British officials witnessed Sadat using the Muslim Brotherhood to bolster the regime as a previous generation had seen King Farouk and, initially, Nasser, do. They viewed Sadat’s strategy favourably, provided that he could ultimately control those forces – precisely the concern that British covert planners had with regard to their own use of the Brotherhood in overthrowing Nasser in the 1950s. In 1971 British officials recognised that ‘Sadat might be tempted to make use of such a potentially handy weapon’, mirroring the long-standing British perception of the Brotherhood. The organisation was enjoying ‘a renaissance’ under Sadat, but the danger was that he ‘might underestimate the difficulty of keeping it under control’. The Foreign Office wrote that Sir Richard Beaumont, the British ambassador:

“Considers that Sadat may wish to use it [the Brotherhood] as a counter-weight to left-wing forces, but equally Sadat’s performance so far does not give any reason to think he would wish to see its more fanatical aspects such as its tendency towards xenophobia become a dominant factor in Egyptian politics. On the other hand, the use of individual Moslem [sic] Brothers to leaven other political organisations, rather than the encouragement of the Brotherhood as such, might suit Sadat’s book better”.

Thus Britain’s senior official in Egypt was continuing to recognise the value of conniving with Brotherhood leaders, just as officials in his embassy had done in the 1950s. Indeed, Hassan al-Hodeibi, the Brotherhood’s leader with whom Britain had then dealt, was still in his position when Beaumont penned these thoughts. Whether British officials had contacts with al-Hodeibi at this time is not revealed in the declassified government files; al-Hodeibi died in 1973.

Sadat’s belief that he could manage and co-opt the Muslim Brotherhood against his leftist and communist political opponents worked to an extent, but the Brotherhood refused to openly back the regime, not least since Sadat refused to allow it to operate as a political party. Sadat also failed to understand that only a complete Islamisation of society could satisfy the demands of the more fundamentalist groups. In the October 1973 Arab-Israeli War – when the Arab states led by Egypt made early territorial gains against the Israeli military before reaching a stalemate – Sadat deployed the symbols of Islam to fire Egypt, in contrast to Nasser’s evocation of Arab nationalism in the 1967 war. But Sadat’s overtures to Israel and the signing of the Camp David Accords in September 1978, which led to a peace treaty with Israel, confirmed to the radical Islamists, bent on Israel’s destruction, that Sadat was clearly no ally. His earlier patronage of the militant Islamists had by now led to the formation of a violent jihadist movement in the country. Sadat realised the threat against the regime too late; it was only in 1981 that the regime cracked down on the Jamaat Islamiya, dissolving them in September.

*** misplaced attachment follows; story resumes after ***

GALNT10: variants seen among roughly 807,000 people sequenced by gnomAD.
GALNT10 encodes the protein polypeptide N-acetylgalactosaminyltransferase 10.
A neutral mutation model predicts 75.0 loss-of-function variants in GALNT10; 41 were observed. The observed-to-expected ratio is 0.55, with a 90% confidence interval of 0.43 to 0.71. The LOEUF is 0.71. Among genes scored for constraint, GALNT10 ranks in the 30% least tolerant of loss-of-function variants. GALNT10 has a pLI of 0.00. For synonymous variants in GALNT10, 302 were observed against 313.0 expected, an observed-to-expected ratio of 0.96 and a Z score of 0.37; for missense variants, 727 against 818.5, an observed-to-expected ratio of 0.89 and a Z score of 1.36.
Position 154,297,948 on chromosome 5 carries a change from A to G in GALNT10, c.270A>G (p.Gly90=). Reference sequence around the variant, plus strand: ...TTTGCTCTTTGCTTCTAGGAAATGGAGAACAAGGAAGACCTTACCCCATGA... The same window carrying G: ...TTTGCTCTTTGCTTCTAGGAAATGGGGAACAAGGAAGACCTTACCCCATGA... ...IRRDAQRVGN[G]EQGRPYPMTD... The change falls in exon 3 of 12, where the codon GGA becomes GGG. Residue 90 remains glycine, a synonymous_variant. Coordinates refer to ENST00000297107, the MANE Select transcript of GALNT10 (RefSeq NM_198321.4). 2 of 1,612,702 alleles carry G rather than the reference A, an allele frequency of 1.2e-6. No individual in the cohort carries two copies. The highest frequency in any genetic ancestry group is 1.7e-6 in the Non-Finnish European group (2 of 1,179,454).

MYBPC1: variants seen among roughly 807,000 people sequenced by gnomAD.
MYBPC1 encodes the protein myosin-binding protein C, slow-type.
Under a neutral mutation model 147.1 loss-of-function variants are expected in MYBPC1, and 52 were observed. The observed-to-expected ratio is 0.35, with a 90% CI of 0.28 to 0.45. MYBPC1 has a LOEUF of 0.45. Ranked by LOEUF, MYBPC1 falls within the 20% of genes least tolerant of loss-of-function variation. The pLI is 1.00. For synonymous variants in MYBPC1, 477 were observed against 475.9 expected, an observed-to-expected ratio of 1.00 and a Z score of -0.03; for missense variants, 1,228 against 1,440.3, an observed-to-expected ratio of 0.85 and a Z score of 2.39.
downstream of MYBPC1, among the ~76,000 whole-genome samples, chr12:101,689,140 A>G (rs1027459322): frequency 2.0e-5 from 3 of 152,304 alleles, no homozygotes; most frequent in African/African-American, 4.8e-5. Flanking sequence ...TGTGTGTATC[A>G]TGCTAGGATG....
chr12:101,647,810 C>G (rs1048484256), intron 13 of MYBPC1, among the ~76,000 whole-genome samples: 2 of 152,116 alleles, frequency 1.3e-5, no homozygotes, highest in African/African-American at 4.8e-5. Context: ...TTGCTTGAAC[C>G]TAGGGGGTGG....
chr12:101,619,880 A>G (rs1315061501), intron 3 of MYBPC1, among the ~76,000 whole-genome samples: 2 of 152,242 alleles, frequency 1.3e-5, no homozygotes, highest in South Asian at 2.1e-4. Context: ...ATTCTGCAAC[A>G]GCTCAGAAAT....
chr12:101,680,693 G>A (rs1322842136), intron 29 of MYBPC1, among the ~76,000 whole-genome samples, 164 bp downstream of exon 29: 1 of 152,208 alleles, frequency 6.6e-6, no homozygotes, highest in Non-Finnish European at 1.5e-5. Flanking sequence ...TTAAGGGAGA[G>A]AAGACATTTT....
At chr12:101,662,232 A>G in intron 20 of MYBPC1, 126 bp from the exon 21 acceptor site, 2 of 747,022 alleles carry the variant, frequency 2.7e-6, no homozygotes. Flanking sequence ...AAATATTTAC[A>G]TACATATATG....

The following month, Sadat was assassinated by the al-Jihad organisation, which had its roots in a university Islamic group at Asyut University in Upper Egypt, similar to those formed with government help earlier in the decade. In the 1980s, members of al-Jihad were to splinter off into other groups, notably Islamic Jihad, led by Ayman al-Zawahiri, whose militants would volunteer for the war in Afghanistan. Though many of their members and leaders were, like al-Zawahiri, former Muslim Brothers, these more violent organisations had become distinct from the Brotherhood. They attacked the Brotherhood for its lack of militancy and for accepting some notions of democracy rather than subjecting all powers of the state to Allah’s will. Violent Islamism now appeared to be on the march.

Sadat’s assassination was a blow to US and British strategy in the Middle East, but his Islamisation programme in Egypt was already proving useful to one major Anglo–American covert operation. It was the radicalised Islamist elements from Egypt who were among those volunteering to fight the Soviets in Afghanistan after 1979, and who played key leadership roles there, sponsored by the Sadat regime and aided by Saudi money. Thus these forces continued to be the ‘handy weapon’ recognised by British officials, though far beyond Egypt itself. But before turning to these later events, we consider the momentous events of 1973 and the deepening, and rather extraordinary British–Saudi alliance.